Lighting is also important in any room design. In fact, according to Pfeiffer, more enterprises today are focusing on employee wellbeing by working to ensure they have access to natural light in workspaces. And ceiling lights, as the above slide shows, don’t need to be traditional canned lights or fluorescents. Lighting can be another way to inject some artistic design into any workspace.
    Walls are another factor. Trendy modular glass walls, for example, can create acoustic headaches. And of course, furniture placement and room layout impacts lighting and acoustics as well, so it’s important to know how all these elements fit together and impact one another.
  • Bluescape ideation system
    Ideating with Flexibility
    At the event, BOS showcased several technology partners. One such partner, Bluescape, a collaborative workspace company borne out of office furniture maker Haworth in 2013, demoed its immersive ideation system. When placed on a stand with wheels, a Bluescape ideation system is movable from one meeting or presentation room to another -- providing that adaptability aspect Pfeiffer referenced.
    The ideation system Bluescape showcased at the event featured a Webcam for video calls with remote meeting participants and a touchscreen display. The PC component was tucked away on the back of the display so there were no separate boxes or cables to manage. (Separately, Bluescape just announced that it has extended its partnership with Dell, and will now use its newest interactive touchscreen monitors. This will bring down the price point on its systems, Bluescape said.)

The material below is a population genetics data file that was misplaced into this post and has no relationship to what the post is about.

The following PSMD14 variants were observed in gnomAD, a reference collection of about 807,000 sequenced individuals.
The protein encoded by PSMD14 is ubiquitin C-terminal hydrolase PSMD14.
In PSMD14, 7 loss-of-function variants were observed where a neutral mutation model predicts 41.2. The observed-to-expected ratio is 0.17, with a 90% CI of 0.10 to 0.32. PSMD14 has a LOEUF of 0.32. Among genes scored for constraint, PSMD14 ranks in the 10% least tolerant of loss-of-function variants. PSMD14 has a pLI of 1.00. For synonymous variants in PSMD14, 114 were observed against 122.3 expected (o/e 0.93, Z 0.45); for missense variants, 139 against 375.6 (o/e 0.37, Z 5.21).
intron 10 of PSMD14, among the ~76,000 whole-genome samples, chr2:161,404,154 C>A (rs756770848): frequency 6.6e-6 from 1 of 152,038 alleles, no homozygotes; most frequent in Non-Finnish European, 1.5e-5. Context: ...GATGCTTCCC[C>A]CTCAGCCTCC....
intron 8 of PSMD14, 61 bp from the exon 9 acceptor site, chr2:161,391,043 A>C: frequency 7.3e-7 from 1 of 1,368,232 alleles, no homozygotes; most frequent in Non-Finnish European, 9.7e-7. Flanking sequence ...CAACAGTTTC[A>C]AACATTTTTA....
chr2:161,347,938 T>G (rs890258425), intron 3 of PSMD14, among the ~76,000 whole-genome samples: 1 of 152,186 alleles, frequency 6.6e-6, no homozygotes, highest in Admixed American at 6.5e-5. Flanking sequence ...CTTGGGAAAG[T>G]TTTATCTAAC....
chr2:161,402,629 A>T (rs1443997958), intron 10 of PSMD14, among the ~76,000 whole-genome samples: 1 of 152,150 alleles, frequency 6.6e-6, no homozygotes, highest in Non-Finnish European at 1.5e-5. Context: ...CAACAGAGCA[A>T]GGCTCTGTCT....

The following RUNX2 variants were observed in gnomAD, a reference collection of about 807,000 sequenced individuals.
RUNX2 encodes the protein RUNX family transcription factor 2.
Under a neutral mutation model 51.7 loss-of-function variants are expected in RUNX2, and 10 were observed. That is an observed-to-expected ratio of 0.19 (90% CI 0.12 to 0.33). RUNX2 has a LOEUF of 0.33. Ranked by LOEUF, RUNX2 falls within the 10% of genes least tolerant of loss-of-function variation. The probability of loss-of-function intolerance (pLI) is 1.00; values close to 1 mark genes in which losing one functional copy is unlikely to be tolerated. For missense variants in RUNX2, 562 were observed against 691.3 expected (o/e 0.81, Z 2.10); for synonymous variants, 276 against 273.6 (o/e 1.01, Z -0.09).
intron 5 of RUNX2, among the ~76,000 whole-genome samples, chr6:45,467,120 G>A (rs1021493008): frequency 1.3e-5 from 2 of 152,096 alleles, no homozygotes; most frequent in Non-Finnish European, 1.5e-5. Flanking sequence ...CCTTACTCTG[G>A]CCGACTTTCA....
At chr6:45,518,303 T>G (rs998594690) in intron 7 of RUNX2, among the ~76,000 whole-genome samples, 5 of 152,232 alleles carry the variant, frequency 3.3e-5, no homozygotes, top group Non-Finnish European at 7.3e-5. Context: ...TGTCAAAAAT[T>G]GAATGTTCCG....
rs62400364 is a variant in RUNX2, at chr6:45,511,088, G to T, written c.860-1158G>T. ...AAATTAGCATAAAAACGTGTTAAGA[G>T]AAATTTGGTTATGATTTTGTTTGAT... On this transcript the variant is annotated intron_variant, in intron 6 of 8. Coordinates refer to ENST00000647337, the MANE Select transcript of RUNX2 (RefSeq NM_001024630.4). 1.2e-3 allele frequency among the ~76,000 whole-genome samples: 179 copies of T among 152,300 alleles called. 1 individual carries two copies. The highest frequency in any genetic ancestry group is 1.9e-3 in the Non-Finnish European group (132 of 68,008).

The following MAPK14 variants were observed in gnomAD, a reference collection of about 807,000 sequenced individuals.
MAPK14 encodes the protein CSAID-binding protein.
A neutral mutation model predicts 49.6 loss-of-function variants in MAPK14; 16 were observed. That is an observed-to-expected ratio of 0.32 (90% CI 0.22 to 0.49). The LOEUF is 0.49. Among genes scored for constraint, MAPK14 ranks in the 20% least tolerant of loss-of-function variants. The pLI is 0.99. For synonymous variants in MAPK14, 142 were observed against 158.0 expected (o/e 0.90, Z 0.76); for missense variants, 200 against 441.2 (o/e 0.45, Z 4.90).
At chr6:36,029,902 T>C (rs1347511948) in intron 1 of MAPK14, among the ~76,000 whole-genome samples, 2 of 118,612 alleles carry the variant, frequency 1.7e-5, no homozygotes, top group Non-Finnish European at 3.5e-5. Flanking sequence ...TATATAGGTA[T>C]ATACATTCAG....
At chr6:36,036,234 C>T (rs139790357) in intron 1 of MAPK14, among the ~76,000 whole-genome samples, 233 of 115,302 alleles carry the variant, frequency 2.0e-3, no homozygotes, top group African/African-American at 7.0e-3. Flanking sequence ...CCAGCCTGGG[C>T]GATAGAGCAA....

• Digital signage
    Bringing Workspace Signage into the Digital Realm
    Signage is important in any enterprise, helping businesses to promote their culture, welcome guests, and communicate with their employees and office visitors. Signage is also useful for branding and customizing a space.
    By going the digital signage route, businesses can be just as adaptable as the spaces they’re working to design. A business can regularly swap out the messaging on digital signage so whatever is most important at the moment is on display.
    Many modern ideation and conferencing room system allow their displays’ use as digital signage when no meeting is in progress. This allows for cost-effective technology investments with assets that serve a dual purpose. As Pfeiffer said, it’s not so much about what technology brands you use, but how you use the products.
  • Boardroom table with wireless charging
    Upgrading the Boardroom